Later today as the rain returned the roof started leaking into the house.  In the middle of the storm, Lauren crawled on a ladder and up to the roof.  The limb had driven two large holes through the shingles.   Lauren hauled a hammer and nails up to roof (remember it is pouring rain) and nailed some plastic in place.  She definately has her daddy’s genes.  Then we got the great idea to put a tarp over it.  That took a few attempts for me to get the tarp up to her on the roof.  I remembered her dad used to put boards on the tarp to hold it in place.  We didn’t have any boards but we had freshly cut pieces of wood.  I started lobbing them up to Lauren on the roof (did I mention it is pouring rain, Jordyn is here, the dogs were out) and wood was erratically falling on the roof and then to ground as my throws failed to land near her. Then I hit her in the head with a piece of wood.  We decided to quit with that.

I was happy Life Flight was not involved in this adventure.  I have low expectations.  Lauren is still complaining about a headache.  Maybe she should have worn her riding helmet.  Just sayin…

Each day presents new changes and we accept and move on.  Jon Katz said in his blog yesterday “A farmer once told me that a farm is not a stable and quiet place interrupted by occasional dramas and challenges, but one continuous drama and challenge interrupted by occasional stability and quiet.”  So true.  So true.

Family Updates

Picture from Amber and Ryan’s trip to St. Thomas.

A lot is going on today.  Ally is getting closer and closer to delivering baby Kendyll.  She is sick to her stomach, having contractions and is in that overly miserable last month of pregnancy time.  I hope (although she does not hope with me) that she is not having a baby now.  She is due first week of July and it would be better for baby for her to wait.  Jordyn is with her uncle today and Lauren will pick up Jordyn tomorrow. I hope that helps ease what Ally is dealing with to some degree.  Her husband, Luke, works for the utility company.  He went to work yesterday afternoon and has not been released to come home yet.  The heat is on in Houston and the power company is feeling the pinch.  I bet Luke wishes Ally would have the baby, too!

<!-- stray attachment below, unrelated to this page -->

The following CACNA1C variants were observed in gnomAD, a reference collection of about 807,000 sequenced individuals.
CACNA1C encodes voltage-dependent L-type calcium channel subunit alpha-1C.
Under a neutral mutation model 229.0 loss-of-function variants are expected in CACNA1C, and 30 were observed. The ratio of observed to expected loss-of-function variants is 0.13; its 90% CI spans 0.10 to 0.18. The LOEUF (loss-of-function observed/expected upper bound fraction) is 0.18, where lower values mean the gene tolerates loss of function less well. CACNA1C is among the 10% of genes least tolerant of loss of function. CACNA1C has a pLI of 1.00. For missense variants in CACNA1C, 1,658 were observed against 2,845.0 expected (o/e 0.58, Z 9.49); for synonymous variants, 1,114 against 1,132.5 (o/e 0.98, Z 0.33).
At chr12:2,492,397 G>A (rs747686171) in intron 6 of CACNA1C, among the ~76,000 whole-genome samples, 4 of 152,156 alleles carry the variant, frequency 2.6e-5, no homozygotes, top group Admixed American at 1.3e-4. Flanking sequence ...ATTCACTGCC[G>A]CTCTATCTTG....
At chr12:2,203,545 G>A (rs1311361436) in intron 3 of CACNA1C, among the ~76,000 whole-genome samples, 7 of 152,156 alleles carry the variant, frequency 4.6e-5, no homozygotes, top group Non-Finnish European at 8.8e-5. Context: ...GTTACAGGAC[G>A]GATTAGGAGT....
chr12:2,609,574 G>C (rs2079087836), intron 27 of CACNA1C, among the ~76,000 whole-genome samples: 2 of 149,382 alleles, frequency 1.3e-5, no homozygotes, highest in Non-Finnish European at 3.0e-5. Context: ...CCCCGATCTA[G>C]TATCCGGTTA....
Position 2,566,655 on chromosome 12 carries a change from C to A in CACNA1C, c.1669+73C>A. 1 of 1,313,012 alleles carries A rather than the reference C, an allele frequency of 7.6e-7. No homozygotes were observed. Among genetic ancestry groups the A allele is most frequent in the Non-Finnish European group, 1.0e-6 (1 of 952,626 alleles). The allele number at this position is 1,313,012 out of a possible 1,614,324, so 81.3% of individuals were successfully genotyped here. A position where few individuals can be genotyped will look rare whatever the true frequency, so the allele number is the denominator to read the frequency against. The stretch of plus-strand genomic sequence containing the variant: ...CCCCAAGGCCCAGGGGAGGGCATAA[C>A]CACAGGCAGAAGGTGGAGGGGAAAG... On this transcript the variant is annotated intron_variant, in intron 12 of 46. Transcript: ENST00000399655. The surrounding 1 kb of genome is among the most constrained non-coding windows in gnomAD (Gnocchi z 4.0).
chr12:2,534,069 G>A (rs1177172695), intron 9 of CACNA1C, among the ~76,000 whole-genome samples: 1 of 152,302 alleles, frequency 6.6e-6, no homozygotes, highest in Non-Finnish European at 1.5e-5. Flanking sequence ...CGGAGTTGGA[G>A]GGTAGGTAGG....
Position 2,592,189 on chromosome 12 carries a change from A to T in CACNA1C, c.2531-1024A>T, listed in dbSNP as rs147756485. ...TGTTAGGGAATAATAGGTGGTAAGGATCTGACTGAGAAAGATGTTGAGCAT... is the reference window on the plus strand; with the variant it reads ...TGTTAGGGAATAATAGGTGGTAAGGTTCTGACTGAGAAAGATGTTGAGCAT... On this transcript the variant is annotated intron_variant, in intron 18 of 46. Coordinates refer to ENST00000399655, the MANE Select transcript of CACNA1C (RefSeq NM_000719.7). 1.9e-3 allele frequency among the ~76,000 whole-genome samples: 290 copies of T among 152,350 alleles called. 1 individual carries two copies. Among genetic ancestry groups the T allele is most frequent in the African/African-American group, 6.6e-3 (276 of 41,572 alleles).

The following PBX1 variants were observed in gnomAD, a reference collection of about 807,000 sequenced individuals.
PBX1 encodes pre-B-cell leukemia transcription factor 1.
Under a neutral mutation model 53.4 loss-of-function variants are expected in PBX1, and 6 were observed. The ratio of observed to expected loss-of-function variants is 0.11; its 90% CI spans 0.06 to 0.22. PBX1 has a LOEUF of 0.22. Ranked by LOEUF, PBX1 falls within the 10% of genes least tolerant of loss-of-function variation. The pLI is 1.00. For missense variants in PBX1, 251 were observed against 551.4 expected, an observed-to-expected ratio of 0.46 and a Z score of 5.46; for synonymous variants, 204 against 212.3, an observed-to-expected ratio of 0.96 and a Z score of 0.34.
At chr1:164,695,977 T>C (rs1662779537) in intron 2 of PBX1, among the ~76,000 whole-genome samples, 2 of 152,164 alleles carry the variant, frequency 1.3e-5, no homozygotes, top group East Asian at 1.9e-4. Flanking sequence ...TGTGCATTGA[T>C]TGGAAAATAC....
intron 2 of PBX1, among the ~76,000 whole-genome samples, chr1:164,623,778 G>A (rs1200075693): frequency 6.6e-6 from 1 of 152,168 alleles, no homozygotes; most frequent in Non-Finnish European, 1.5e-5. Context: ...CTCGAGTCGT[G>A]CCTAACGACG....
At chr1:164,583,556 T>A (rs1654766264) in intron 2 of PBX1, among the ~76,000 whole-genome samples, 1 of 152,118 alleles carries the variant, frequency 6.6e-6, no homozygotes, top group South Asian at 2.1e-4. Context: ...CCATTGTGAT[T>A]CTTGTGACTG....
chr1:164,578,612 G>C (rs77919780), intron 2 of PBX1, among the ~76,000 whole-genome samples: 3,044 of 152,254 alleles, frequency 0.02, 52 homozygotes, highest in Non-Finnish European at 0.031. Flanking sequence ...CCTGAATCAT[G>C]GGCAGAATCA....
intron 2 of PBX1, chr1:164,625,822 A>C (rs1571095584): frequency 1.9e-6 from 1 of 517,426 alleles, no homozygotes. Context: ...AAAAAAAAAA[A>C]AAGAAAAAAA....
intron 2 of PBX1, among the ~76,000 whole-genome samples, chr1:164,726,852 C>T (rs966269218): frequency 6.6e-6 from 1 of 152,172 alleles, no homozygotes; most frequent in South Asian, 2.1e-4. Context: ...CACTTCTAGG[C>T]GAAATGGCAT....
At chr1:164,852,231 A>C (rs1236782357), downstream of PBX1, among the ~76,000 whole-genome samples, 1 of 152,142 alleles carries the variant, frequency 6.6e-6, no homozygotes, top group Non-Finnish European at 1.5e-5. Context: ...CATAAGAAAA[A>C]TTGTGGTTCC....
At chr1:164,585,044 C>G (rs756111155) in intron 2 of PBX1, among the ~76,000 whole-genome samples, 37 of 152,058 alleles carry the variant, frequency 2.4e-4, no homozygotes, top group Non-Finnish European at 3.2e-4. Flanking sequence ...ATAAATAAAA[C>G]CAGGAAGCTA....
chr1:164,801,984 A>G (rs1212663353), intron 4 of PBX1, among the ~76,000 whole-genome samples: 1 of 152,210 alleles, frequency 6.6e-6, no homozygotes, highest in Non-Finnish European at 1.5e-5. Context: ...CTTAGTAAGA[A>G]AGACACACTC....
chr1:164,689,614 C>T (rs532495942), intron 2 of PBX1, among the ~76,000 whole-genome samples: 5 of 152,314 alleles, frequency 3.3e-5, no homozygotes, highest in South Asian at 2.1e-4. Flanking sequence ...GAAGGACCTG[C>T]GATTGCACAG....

I got an email from the assisted living facility that Jim told them my mom is moving out and moving to Houston with me.  He assured them he had discussed this with me.  When I talked with her yesterday she was so disheartened.  She cried on the phone to me.  I did tell her she can always come here and we will figure out a place for her.  I did not tell her she is moving now.  If she needs to, we will figure it out, but I suspect this will pass as well.  Wow!  I just don’t know how to deal with this from so far away.  If she came here, I would see her more in the evenings and weekends, but I am gone almost 12 hours a day so could not take Jim’s place in keeping her company.

Amber and Ryan should be on their way home from a trip to St. Thomas.  The kids stayed with Ryan’s folks.  Apparently, they all went to a county fair that had pony rides.  Riley was insistent on riding.  He had a great time and told his grandma he was riding “Mickey”.  Of course, he was!

I had a doctor’s appointment this morning so got to watch Lauren work Feather and Mickey in the relative cool space of dawn.  It was a pleasure to spend that time with them.  Feather is coming along so well and looks pretty to boot.  Mickey has had a cough.  The vet was out yesterday and was troubled by what she heard.  He has visit with another doctor to scope his esophagus scheduled.  We are hoping it is not serious and doesn’t require a visit to Texas A&M vet hospital.